For the love of Mother Nature and all things holy in this world, avoid white veal. It is indefensible.

Red Is The New White

After decades of trumpeting anemic, white-fleshed veal, I guarantee you that the industry will completely switch gears in the next ten years and promote darker-coloured veal referred to as rosť veal, red veal, or even grain-fed veal. This new veal industry is a marketer’s dream come true. I can envision the flashiness of red-veal labels plastered over plastic-wrapped Styrofoam trays.

Calves for rosť veal are generally fed a more “normal” diet consisting of both milk and cereal-based feed, without restriction of iron intake. The higher iron content will naturally create meat that is darker in colour; it won’t be the deep red of an older, full-grown beef, but red veal is definitively redder than white veal. The move towards a higher-in-iron diet, coupled with the fact that the use of crates for raising veal is on its way out around the world, will no doubt be a step in the right direction. Unfortunately, the term “red veal” will not automatically mean humanely raised.

There will be higher-welfare – dare I say, organic – methods of raising red veal that will see calves reared in small groups in straw-bedded sheds with adequate space allowance per calf and access to the outdoors when weather permits. Conversely, there will also be lower welfare, intensive systems of raising red veal that will feature group pens stuffed with eighty calves housed on extremely uncomfortable wooden slat floors with no access to natural light or fresh air, and with little roughage in their diet. So be forewarned – not all red veal is created equally.

Pasture Raised Veal

The only veal we sell at The Healthy Butcher is pasture-raised. It is marvellous meat, raised on – you guessed it – pasture and, of course, mother’s milk. The photos accompanying this article showcase the veal and beef from one of our favourite grass farmers – the Webers in Paisley, Ontario. David and Ellen Weber and their five children are a lovely Mennonite family who use nature to its fullest potential.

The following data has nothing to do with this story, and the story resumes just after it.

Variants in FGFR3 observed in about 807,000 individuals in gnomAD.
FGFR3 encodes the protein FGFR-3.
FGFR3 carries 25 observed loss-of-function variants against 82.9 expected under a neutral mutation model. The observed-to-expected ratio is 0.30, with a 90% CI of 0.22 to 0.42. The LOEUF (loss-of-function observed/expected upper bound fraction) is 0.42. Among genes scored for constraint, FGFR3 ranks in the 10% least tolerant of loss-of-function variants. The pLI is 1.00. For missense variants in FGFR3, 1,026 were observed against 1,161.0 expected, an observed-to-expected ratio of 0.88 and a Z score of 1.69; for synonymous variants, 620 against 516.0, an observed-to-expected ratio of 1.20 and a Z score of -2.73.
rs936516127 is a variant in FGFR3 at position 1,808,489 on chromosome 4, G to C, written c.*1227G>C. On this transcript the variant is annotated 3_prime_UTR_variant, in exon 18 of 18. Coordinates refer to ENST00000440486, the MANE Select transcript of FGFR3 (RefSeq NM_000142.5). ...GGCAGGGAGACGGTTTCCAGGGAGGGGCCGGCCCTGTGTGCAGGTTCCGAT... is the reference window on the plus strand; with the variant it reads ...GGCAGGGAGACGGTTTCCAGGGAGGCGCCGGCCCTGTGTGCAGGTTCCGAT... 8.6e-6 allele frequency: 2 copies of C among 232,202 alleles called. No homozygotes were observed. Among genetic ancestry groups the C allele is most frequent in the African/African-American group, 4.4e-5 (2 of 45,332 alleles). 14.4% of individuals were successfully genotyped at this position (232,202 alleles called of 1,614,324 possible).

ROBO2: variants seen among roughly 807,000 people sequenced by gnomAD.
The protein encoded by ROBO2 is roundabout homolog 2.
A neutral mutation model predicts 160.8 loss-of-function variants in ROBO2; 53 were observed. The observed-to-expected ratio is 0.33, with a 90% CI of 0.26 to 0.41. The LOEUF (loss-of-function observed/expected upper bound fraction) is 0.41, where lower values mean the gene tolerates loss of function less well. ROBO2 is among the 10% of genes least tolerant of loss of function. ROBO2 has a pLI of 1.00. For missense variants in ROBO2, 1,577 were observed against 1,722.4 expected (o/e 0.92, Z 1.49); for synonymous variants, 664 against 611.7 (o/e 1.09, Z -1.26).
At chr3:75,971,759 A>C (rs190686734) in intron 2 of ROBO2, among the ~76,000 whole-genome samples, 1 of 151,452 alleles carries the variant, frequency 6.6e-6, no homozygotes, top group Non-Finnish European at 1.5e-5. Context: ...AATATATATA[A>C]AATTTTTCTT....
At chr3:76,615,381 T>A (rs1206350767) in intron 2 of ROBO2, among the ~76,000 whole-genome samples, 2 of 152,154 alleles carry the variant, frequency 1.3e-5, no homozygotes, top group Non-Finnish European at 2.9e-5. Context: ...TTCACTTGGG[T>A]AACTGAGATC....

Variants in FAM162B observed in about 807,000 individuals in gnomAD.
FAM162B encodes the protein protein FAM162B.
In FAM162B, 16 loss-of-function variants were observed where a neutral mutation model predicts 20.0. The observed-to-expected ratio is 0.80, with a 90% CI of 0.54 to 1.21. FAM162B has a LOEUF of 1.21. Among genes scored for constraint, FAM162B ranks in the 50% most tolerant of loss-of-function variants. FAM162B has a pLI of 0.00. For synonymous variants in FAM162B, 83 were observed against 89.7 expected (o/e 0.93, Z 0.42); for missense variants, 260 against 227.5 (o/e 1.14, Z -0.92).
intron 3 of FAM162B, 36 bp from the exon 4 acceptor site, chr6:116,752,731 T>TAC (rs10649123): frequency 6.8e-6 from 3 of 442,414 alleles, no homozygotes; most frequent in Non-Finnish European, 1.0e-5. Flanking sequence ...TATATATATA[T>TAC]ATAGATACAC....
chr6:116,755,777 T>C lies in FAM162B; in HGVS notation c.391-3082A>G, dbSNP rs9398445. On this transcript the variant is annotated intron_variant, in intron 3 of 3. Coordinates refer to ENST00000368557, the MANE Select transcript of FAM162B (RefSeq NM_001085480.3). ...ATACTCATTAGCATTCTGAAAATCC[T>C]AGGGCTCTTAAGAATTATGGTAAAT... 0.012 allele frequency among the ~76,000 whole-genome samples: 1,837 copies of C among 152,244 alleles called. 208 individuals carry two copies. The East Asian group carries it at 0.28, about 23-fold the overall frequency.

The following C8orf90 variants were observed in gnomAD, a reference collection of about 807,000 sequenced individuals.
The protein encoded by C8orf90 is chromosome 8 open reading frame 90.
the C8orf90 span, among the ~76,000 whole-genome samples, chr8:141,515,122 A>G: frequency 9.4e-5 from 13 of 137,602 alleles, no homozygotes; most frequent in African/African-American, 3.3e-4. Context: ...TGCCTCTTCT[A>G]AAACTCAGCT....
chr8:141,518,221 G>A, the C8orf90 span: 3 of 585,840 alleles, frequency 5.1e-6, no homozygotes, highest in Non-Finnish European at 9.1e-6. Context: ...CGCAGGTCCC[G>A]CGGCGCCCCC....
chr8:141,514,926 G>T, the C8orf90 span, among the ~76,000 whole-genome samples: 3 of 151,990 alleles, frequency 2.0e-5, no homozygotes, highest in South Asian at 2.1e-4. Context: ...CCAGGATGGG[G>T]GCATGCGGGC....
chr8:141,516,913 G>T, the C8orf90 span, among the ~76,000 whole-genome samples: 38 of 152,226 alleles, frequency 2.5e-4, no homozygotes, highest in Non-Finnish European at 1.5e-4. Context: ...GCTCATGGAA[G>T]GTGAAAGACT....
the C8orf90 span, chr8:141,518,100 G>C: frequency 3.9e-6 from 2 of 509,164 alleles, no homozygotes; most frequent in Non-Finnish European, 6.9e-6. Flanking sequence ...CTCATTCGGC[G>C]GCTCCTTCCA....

Pasture Raised Veal - Suckling Mom On their farm, calving only happens in the spring when it is naturally supposed to occur. (Cows would never give birth in the fall without human intervention; they instinctively know that a baby calf would not survive the harsh winter.) So during the summer and autumn, the baby calves roam the pasture while occasionally suckling their moms. Calves are butchered in the autumn or early winter. Take notice, however, that the cows in the photos from the Weber farm are all-black; that’s because they are the Black Angus breed. Remember I mentioned that the vast majority of veal come from the black-and-white spotted Holstein breed as a byproduct of the dairy industry? As sustainable and humane as the Webers’ pasture-raised veal are, it does not solve the problem of dealing with all the unneeded calves from the dairy industry.  The Webers and other farmers raising 100-percent-pasture-raised-veal know that it would be impossible to raise Holsteins strictly on pasture.

Holsteins are advantageous for dairy production because they convert the majority of energy from food into milk, leaving very little for the development of muscle and fat. Holsteins have, as Hugh Fearnley-Whittingstall of the River Cottage T.V. and book series bluntly puts it, “a distinctly bony behind.” Furthermore, without a grain ration, Holsteins simply won’t thrive.

I prefer to describe pasture-raised veal from beef breeds as “young beef,” since the term more accurately captures the essence of what it is. But now we’re back to square one: Although pasture-raised veal from suckler herds (that is, from typical beef breeds) is a commendable meat product, it does not mend the gap we have in the dairy industry.

The Road Ahead